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COMMENTS 

Don’t let the Paris murderers win

Professor Laborde warns against the reactivist response to the Paris murders: they misunderstand the role played by free speech and by laïcité. Further, they allow criminals to set the term of the debate on how to better facilitate Muslim integration if France.
Professor Cécile Laborde
26 February 2015 More...

Starts: Feb 26, 2015 12:00:00 AM

Britain and EU reform

Piet Eeckhout revisits the question of EU reform, including different options for and legal as well as political constraints of such reform.
Professor Piet Eeckhout
20 January 2015 More...

Starts: Jan 20, 2015 12:00:00 AM

Europe and Research Excellence in the UK

Prof. Dame Julia Goodfellow examines the role of EU research collaboration and funding in sustaining and fostering research excellence in the UK.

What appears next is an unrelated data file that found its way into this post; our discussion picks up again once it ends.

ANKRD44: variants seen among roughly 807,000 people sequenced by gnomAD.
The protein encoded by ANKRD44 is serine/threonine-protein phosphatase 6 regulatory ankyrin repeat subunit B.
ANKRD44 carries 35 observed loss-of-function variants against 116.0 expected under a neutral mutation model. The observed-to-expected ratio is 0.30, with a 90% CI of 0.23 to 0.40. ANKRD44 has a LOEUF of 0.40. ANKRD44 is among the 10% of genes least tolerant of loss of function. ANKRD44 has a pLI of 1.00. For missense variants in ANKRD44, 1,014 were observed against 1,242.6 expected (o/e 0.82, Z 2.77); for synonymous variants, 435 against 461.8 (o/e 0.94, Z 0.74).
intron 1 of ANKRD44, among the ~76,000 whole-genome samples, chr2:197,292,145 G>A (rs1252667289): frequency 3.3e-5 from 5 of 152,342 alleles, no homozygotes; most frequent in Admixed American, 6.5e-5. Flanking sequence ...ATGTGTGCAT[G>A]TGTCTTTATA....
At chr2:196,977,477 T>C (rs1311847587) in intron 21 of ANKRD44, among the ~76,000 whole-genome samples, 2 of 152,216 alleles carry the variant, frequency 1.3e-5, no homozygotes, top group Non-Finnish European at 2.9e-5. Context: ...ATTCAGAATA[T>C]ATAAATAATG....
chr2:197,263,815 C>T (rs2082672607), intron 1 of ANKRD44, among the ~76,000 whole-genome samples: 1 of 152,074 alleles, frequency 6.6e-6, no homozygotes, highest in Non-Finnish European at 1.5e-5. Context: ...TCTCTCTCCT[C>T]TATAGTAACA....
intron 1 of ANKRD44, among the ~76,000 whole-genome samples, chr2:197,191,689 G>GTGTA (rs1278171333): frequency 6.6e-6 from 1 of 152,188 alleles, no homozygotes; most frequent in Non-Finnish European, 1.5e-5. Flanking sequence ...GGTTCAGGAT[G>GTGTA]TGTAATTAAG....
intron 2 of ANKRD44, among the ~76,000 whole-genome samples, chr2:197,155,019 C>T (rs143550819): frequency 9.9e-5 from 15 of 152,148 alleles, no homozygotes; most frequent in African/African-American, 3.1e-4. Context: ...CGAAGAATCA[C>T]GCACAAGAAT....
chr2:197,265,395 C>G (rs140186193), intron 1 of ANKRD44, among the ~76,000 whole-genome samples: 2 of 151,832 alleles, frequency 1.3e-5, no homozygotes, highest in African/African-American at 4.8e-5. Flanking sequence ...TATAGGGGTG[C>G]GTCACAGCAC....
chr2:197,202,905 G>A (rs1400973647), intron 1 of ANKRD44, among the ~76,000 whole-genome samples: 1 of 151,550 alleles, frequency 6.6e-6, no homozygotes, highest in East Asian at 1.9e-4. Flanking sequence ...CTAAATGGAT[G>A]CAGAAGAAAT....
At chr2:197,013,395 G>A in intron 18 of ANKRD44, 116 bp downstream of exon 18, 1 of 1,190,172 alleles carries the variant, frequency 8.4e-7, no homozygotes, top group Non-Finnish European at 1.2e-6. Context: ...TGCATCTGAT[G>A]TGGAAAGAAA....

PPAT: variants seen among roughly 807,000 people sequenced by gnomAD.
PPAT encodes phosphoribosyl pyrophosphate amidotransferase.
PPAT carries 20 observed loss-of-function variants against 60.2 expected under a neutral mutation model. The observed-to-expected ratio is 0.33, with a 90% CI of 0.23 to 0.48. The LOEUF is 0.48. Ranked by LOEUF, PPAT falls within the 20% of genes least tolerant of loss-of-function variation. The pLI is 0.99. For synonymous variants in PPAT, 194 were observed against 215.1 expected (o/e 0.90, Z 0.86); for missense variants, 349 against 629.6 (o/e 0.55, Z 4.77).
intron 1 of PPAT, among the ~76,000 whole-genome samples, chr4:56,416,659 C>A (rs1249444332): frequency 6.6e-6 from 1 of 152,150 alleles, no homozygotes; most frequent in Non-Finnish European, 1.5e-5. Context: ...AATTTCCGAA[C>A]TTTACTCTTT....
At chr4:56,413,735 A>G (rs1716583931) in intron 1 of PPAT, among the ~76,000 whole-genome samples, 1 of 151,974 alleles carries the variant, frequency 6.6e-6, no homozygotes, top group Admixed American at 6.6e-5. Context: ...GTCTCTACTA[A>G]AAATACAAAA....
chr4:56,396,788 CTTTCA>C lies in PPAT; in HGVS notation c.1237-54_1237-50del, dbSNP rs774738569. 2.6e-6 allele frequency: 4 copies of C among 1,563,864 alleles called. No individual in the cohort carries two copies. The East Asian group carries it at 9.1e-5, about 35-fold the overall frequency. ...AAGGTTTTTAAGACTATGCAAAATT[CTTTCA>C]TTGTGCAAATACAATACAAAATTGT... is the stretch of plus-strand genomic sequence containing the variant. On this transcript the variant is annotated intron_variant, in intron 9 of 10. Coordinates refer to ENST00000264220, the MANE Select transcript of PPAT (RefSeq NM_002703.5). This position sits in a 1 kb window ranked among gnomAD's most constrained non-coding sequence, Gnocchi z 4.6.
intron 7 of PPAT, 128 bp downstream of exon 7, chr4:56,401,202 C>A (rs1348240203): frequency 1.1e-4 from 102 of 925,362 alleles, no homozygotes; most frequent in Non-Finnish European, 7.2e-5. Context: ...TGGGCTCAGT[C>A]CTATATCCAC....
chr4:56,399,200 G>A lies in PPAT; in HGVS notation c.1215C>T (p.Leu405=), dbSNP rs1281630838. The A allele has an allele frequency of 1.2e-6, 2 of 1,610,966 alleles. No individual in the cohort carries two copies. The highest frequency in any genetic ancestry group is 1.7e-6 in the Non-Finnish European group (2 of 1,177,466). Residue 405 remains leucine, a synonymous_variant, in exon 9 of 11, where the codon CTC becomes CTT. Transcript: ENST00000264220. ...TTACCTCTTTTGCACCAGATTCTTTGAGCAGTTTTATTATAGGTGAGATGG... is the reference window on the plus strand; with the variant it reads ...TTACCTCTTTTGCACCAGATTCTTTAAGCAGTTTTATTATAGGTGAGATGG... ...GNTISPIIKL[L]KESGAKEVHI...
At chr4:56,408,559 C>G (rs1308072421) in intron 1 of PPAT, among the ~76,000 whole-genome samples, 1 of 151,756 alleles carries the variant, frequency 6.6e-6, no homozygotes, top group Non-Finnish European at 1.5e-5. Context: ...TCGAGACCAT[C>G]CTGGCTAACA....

Professor Dame Julia Goodfellow
9 February 2015 More...

Starts: Feb 7, 2015 12:00:00 AM

UMP funding scandal could derail a new Sarkozy bid for French presidency

27 June 2014

19 June 2014
Professor Philippe Marlière
(UCL SELCS) looks at the effect the Bygmalion inquiry has had on Jean-François Copé and how it could influence Nicolas Sarkozy’s bid for the 2017 presidential elections.


Jean-François Copé, the leader of France’s Union pour un Mouvement Populaire (UMP), stepped down last month after a scandal over funding for Nicolas Sarkozy’s losing presidential campaign in 2012. The controversy revolves around a company called Bygmalion PR, owned by Copé’s close friends. It has been alleged that false invoices were used to cover up spending that went over the legal limit during the 2012 campaign.

According to documents alleged to be accounts seized by the police at Bygmalion headquarters, more than €17 million (£13.6 million) of false invoices for Sarkozy’s re-election campaign were billed as party expenses. Jérôme Lavrilleux, Sarkozy’s former deputy campaign manager, has said that neither Sarkozy nor Copé were aware of such illegal practice.

But it is becoming clear that the implications for the future of French politics are huge.

Read more in the Conversation >>